Providing coverage of Alaska and northern Canada's oil and gas industry
March 2009

Vol. 14, No. 12 Week of March 22, 2009

Teasing natural gas from Cook Inlet

Difficult seismic, more subtle plays and discontinuous sands all add to the challenges in finding and producing gas from the basin

Alan Bailey

Petroleum News

Over the years Alaska’s Cook Inlet basin has proved to be a prolific source of gas.

But with oil and gas fields found decades ago becoming depleted and the easy finds on major geologic structures all discovered, people now need to seek new gas in more elusive prospects, tucked away in the basin’s challenging geology, as well as by continued development of existing fields, Julie Houle, resource evaluation section chief in Alaska’s Division of Oil and Gas told the House Special Committee on Energy March 17.

“As exploration geologists we think there is more gas to be found in Cook Inlet, and we think it’s going to be found both in existing fields and in new exploration play types,” Houle said.

Those easy finds made years ago on the big structures resulted from 2-D seismic surveys — the division would like to see companies now shooting some 3-D seismic to pursue new exploration concepts in the basin, she said.

The division thinks that there is new gas to be found in what are known as stratigraphic traps, situations where the way in which the rock strata were laid down has resulted in a reservoir rock becoming juxtaposed with an impervious seal rock.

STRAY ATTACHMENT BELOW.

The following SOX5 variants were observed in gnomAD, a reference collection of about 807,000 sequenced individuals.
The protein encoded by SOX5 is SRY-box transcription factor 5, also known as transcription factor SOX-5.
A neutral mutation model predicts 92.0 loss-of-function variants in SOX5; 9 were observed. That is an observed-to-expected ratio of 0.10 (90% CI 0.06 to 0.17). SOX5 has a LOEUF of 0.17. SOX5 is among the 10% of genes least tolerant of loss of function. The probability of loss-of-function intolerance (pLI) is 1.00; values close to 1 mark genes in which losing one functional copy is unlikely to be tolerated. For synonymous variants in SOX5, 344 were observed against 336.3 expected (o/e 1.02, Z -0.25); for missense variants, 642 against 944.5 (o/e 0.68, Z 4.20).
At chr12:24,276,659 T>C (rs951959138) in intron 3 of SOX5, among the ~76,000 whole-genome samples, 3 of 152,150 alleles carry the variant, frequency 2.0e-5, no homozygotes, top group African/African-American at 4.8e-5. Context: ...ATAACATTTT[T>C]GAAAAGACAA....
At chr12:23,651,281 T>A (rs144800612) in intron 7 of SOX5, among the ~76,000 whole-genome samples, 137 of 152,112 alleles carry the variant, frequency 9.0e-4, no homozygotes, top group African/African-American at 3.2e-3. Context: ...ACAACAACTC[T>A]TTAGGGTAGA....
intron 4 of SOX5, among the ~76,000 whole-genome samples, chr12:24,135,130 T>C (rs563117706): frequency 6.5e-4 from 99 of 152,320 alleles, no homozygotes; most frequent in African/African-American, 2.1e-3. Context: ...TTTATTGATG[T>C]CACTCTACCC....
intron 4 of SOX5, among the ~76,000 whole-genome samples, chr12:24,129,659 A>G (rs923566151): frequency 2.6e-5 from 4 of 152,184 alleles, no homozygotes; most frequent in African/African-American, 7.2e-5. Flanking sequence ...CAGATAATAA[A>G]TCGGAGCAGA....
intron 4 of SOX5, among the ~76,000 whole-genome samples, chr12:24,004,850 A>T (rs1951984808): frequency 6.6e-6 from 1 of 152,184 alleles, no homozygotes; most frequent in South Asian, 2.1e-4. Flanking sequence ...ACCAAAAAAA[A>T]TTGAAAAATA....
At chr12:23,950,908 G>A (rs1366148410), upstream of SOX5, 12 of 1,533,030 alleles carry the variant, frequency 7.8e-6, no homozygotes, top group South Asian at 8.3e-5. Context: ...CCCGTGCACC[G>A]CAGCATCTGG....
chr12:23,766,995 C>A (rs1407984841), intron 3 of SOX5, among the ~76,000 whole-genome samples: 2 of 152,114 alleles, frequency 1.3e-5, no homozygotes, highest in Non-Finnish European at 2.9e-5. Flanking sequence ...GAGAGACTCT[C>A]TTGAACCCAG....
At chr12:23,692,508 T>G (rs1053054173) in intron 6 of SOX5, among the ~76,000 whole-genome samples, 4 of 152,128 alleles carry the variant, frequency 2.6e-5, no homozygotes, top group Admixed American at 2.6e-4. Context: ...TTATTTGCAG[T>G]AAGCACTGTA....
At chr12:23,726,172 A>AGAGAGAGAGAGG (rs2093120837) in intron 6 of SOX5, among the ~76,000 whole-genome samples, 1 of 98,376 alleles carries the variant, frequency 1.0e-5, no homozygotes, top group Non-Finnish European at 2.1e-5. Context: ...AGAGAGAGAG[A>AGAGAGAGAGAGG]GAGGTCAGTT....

“It will take someone in the Cook Inlet with money and a lot of fortitude and courage to keep going, looking for these subtle stratigraphic traps,” Houle said.

Dome-shaped structures, to the side of main folds in the rock strata, are other possible new exploration targets, she said.

Difficult seismic

But seismic data from the Cook Inlet basin are notoriously difficult to interpret. The river-lain sands that form gas reservoirs in the basin tend to be too thin to resolve in the images depicted in seismic cross sections of the subsurface, while the coal seams that pervade many of the rock sequences also tend to distort those seismic images.

The reservoir sands also tend to be discontinuous, forming thin lenses rather than continuous strata. Consequently, when drilling through a prospective structure an individual sand that may contain viable pay can easily be missed. And a gas discovery in one well requires a series of delineation wells to locate all of the various sand bodies that might produce gas.

At the same time, testing of the gas pressure may be necessary to determine whether a reservoir sand at one place connects with a similar reservoir sand nearby.

“All sands don’t hit all wells and you really need close control in order to figure out what is in communication,” Houle said. “… You could go back in, in a field, and drill in between wells and you could actually get more gas.”

In addition, a sand that has been producing gas for some time tends to fill with water if the well that taps that sand is shut-in.

“That’s why once you drill a well in Cook Inlet you want to keep it producing,” Houle said.

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